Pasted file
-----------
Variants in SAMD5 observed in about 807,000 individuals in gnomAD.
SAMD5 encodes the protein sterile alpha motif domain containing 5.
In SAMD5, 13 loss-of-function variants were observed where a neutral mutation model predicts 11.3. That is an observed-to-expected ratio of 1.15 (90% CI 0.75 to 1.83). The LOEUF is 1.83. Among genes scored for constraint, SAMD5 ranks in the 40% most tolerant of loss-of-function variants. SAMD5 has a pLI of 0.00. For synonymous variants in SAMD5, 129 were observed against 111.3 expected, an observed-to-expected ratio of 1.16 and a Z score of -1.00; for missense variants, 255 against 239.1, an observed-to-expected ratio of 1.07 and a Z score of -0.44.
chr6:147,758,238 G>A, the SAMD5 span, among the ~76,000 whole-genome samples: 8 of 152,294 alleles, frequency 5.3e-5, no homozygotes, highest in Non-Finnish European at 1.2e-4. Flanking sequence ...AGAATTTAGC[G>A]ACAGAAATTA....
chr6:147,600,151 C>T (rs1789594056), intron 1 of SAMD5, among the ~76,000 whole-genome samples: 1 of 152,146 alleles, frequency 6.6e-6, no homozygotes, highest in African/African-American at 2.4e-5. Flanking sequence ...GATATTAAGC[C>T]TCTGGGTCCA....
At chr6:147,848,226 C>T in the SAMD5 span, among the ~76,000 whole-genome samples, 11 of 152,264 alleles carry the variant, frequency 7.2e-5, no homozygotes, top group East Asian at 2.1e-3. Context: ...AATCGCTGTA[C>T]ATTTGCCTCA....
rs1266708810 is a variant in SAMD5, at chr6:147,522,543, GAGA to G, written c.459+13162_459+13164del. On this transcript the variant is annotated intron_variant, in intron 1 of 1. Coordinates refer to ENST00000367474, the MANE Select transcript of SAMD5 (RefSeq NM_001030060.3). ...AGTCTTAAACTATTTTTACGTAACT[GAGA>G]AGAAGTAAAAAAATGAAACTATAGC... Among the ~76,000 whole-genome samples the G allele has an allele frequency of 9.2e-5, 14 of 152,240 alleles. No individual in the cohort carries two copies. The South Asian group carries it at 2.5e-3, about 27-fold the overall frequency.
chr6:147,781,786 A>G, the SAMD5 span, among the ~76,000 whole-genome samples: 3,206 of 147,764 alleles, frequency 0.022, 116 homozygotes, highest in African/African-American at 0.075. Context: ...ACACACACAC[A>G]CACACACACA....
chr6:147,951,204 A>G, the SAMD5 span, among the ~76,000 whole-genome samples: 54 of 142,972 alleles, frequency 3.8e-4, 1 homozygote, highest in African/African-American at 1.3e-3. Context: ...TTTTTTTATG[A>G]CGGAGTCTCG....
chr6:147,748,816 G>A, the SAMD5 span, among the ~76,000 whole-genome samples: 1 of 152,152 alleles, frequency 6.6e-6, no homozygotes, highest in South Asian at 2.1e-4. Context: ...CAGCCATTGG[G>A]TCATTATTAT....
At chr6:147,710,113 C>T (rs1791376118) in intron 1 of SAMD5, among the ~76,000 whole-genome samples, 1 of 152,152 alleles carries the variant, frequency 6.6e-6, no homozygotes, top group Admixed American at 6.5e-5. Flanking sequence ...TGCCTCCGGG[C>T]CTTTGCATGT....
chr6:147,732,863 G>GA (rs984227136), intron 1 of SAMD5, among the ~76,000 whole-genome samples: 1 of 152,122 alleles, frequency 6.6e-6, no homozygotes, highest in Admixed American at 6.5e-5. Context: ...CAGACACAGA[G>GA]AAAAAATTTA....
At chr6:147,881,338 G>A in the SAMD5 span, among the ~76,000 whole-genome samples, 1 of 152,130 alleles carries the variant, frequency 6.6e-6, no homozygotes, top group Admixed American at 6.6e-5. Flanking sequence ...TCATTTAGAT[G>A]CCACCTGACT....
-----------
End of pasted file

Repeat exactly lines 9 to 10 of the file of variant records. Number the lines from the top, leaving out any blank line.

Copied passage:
chr6:147,951,204 A>G, the SAMD5 span, among the ~76,000 whole-genome samples: 54 of 142,972 alleles, frequency 3.8e-4, 1 homozygote, highest in African/African-American at 1.3e-3. Context: ...TTTTTTTATG[A>G]CGGAGTCTCG....
chr6:147,748,816 G>A, the SAMD5 span, among the ~76,000 whole-genome samples: 1 of 152,152 alleles, frequency 6.6e-6, no homozygotes, highest in South Asian at 2.1e-4. Context: ...CAGCCATTGG[G>A]TCATTATTAT....